one bulb missingAnother important note:  Even though my loss is great I am not the only one whose heart should be honored this time of year.  I may not be able to participate in everything others want to do, but I can decline gracefully and encourage them to celebrate well without fear I’m upset about it.

If this is your very first holiday season after loss, I highly recommend keeping things low-key, whatever that looks like for you. 

Some families find that keeping tradition is helpful.  Some find it unbearably painful.  Some want to run away from familiar places and others want to wrap their hearts in shared memories.

Over the next few days I will be reposting past articles about how to survive the holidays after loss.  I hope they cast a little light on this hard topic.  Take what helps and leave the rest. 

It’s your call. 

Your life. 

Your heart. 

No one else gets to judge how you choose to do (or not do) the holidays. 

its ok to not feel like celebrating christmas

 

Trying to Hold off the Holidays

Here they come round the bend like a pack of dogs chasing that rabbit on a racetrack.

No way to slow them down, no way to step to the side and ward off the relentless message that Thanksgiving and Christmas are coming soon-so, so soon.

Stores scream, “You’ve got to buy it NOW!  You’re running out of time!”

Billboards, radio and television ads, and calendars count down the days.

Decorations assault my eyes and ears and nose (thank you pumpkin everything!).  I cannot get away.  There’s no where to hide.

pumpkin spice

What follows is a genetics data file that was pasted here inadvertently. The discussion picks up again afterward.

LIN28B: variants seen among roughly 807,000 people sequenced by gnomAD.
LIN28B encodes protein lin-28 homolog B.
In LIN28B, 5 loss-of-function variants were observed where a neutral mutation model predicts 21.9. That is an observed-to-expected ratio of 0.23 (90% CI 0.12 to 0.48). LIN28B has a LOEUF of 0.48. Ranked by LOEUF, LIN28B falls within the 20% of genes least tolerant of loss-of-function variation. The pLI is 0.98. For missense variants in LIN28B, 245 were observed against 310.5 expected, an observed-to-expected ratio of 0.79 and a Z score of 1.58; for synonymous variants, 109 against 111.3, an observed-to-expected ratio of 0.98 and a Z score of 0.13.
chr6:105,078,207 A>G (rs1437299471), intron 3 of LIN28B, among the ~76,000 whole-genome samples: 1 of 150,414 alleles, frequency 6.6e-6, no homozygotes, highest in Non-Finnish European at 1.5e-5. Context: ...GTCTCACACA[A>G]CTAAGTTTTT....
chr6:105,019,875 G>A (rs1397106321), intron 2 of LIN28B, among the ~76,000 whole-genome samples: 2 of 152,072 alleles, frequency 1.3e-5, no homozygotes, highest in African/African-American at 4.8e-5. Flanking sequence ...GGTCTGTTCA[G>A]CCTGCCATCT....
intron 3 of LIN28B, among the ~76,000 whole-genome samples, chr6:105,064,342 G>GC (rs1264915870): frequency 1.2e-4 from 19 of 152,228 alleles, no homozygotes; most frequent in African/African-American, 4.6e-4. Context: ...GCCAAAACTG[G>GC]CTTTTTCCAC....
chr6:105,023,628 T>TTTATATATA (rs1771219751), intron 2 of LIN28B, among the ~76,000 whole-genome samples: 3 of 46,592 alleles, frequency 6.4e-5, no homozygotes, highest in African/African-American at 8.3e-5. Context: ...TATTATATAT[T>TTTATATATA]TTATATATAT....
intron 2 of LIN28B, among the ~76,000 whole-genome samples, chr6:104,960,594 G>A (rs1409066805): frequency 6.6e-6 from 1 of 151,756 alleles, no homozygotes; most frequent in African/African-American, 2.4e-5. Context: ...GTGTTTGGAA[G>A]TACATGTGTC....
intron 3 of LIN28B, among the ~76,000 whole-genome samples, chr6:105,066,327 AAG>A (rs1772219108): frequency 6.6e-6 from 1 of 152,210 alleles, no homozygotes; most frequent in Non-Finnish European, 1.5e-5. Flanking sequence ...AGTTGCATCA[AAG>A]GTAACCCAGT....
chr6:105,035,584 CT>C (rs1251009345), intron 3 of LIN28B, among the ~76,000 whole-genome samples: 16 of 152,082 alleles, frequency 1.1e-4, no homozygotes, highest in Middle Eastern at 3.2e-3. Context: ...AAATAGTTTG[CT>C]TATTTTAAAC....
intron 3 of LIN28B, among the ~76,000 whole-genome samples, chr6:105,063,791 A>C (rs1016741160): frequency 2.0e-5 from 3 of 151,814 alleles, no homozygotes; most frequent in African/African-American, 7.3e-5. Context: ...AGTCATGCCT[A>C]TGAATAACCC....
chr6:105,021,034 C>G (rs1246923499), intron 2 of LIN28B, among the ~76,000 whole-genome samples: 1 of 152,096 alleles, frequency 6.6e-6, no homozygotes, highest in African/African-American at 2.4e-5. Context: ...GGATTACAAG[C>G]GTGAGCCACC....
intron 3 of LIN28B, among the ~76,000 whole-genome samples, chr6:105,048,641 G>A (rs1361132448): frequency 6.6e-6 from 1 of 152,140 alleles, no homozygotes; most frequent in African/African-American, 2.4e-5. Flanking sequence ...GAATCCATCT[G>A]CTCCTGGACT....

So I have decided to take the offensive.  I will do the things that must be done as quickly, as efficiently and as quietly as possible.

I am sending Thanksgiving cards instead of Christmas cards.  I like the fall colors better than traditional yuletide hues anyway.  No one says the yearly update letter has to be postmarked in December.

Our gift-giving is much simpler now than before Dominic ran ahead to Heaven.  I’m less inclined to wrap dozens of presents to pile under the tree and more likely to give cash or gift cards along with a heartfelt note.   So I will get all this together before the weather warrants a fire here in the Deep South.

I’m easily overwhelmed.

And too much of anything just seems like entirely. too. much.

Instead of loads of decorating that involves changing out all the everyday with holiday, I will put out a few bright things and lots of candles.

glowing candles huff post

Flickering light in approaching darkness speaks hope to my heart.

I will concentrate on people, not on things.  I am making space on the calendar for casual conversation instead of constant motion.

I won’t be swept along by the yuletide current, struggling for air, barely making it to January and glad the holidays are over.

Sip and savor.

That’s my motto.

I’m sticking to it.

coffee cup fall leaves

 

Repost: Practical Ideas for Dealing With the Holidays After Child Loss

It cannot be overstated:  holidays are extremely hard after loss.  Every family gathering highlights the hole where my son SHOULD be, but ISN’T.

There is no “right way” or “wrong way” to handle the holidays after losing a child.

For many, there is only survival-especially the very first year.

These days also stir great internal conflict:  I want to enjoy and celebrate my living children and my family still here while missing my son that isn’t. Emotions run high and are, oh so difficult to manage.

Read the rest here:  Practical Ideas for Dealing with the Holidays after Child Loss